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On Friday, the Mississippi Senate passed a controversial bill that will keep many commonplace books from being taught in the state’s public schools. Dubbed the “Liberate Our Learning” bill, it will ban or severely restrict the teaching of any books that “encourage discrimination against any party on the grounds of its natural attributes,” that “glorify negative or harmful behaviors,” or—the category that the bill’s critics have called the most politically motivated and dangerously open-ended—that “push anti-American ideology, whether explicitly or subliminally.”
The bill’s sponsor, Republican Sen. Reid Washington of Hattiesburg, voted last year to pass a similar bill focused on keeping what he called “woke indoctrination” and “unpatriotic education” out of Mississippi schools. That bill passed 34-15 in the Senate with Republicans for and Democrats against, and placed books like Ibram X. Kendi’s “How to Be an Antiracist” and Robin DiAngelo’s “White Fragility” under scrutiny for their alleged demonization of American ideals and white society. While Senate Republicans voted unanimously for that bill, three Republicans, Sens. Shelby Milford of Mendenhall, Toby Tackett of Meridian, and Justin Reeves of Vancleave, went the other way in Friday’s vote.
Sen. Washington expressed his frustration with not receiving every Republican’s vote. “[On Friday] as on the day of last year’s vote, the Mississippi Senate decided on a very straightforward piece of legislation. To vote “yea” is to do your part in protecting the children of Mississippi from harmful, hateful ideology in their schools. To vote “nay” is to turn a blind eye. It’s beyond me how anyone could’ve possibly voted one-way last year and the other way this year. Of course, I expect this kind of negligence and vacillation from my Democratic colleagues, but I certainly don’t expect it from the members of my own party.”
“I just really don’t see how you can justify voting to ban the teaching of “Aesop’s Fables,” said Sen. Milford. “I mean, it’s just a bunch of animals that walk and talk and teach you lessons. At this point, I wonder if my kids will even be able to watch SpongeBob in a year’s time.”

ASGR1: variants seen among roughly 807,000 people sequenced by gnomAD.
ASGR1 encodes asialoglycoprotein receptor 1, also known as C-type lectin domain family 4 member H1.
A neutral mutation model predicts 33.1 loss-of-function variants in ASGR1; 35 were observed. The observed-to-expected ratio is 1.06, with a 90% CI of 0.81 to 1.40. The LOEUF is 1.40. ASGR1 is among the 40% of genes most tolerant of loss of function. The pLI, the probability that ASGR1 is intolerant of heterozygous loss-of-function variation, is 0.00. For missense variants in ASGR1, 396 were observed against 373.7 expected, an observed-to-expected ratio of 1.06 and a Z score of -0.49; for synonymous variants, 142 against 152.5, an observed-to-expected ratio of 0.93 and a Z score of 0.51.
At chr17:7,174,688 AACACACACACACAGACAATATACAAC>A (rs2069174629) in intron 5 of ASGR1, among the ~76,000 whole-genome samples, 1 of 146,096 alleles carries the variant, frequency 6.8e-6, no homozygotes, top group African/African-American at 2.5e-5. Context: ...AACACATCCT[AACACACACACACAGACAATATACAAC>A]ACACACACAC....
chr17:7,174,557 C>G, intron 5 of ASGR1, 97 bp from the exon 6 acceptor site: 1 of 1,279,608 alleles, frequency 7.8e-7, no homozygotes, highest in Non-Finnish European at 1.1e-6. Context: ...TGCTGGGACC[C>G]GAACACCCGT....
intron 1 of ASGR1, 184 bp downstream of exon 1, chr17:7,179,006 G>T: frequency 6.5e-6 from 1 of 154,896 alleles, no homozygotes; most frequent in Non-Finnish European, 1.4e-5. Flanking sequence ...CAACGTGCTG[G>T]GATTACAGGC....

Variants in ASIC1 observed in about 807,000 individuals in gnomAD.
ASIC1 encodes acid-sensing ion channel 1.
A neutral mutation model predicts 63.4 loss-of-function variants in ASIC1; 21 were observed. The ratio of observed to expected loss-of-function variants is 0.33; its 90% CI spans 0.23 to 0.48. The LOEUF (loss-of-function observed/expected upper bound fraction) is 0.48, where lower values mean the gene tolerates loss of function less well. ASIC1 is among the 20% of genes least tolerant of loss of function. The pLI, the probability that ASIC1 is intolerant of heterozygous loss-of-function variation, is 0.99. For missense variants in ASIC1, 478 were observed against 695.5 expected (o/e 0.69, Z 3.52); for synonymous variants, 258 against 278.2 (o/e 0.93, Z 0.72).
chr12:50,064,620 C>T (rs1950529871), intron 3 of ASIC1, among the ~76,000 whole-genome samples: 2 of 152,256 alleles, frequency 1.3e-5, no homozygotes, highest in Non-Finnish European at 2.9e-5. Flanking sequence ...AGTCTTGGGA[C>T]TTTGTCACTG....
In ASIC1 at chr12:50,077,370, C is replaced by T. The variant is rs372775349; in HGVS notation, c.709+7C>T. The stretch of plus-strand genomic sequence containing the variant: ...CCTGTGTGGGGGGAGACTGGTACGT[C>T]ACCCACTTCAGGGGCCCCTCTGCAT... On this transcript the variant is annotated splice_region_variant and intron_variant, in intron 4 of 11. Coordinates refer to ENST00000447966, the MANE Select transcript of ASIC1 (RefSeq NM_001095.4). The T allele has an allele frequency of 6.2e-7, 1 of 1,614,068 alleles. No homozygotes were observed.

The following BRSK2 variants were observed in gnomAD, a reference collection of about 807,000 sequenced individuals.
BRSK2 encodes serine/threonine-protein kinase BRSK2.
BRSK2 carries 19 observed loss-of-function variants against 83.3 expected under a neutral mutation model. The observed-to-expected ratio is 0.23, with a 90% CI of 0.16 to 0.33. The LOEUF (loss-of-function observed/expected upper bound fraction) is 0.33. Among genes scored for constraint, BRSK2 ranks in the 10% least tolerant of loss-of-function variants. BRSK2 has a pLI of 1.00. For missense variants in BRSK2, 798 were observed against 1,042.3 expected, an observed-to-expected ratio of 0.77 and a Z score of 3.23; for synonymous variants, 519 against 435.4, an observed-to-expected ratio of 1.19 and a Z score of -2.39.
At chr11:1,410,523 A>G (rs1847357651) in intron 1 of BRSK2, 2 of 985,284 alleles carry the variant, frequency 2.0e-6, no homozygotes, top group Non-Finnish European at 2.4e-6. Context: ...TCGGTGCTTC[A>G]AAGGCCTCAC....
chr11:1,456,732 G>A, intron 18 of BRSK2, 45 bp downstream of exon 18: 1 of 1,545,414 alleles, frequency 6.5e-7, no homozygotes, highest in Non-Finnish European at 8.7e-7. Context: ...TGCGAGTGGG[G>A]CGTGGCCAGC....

According to Sen. Washington, several of the fables, which date back to the sixth-century BC, contain “Leftist hate-preaching and brainwashing focused on undermining the American way of life.” When asked how a figure from over two millennia ago could’ve possibly sought to undermine a nation that didn’t exist yet, Sen. Washington replied that Aesop was “playing the long game.”
The bill and its supporters found “The Tortoise and the Hare” to be especially problematic. Sen. Washington cited its “championing of lethargy and leisure over talent and hard work” and its “inherent demonization of privileged classes” as grounds for its banning. “It starts out as nothing more than a story they have you read in the first grade about a couple of cute animals,” said Sen. Washington, “but it ends with our children despising the hare for nothing more than his natural talent and propensity for firing off a few zingers from time to time. Then, as they grow older, they begin to associate the hare with the rich and the white. Suddenly they’re throwing bricks through store windows and setting squad cars on fire. I fear that if we don’t stop this pipeline in its tracks now, we’ll live to regret it.”
In addition to “Aesop’s Fables,” the bill also sees the highly controversial removal of “Goldilocks and the Three Bears” and “The Three Little Pigs” from Mississippi classrooms. “Goldilocks” was banned for its alleged “glorification of breaking-and-entering and theft akin to the practices of the Antifa movement,” with Sen. Washington adding that Goldilocks “is as prodigal with her porridge as the Democrats are with taxpayer dollars.” “The Three Little Pigs” received the axe due to its “harmful anti-capitalist sentiments based in a metaphorical demonization of landlords.”
Sen. Washington told reporters that while he’s happy with Friday’s victory, he sees it as merely the first of many more to come. “My colleagues and I have already begun drafting legislation that targets another one of the most harmful institutions in our state’s schools: mandatory naptime. How can we let our children sleep when they should be learning? It does nothing but diminish the value of hard work, and it’s sickening to think how long this has gone on under our noses.”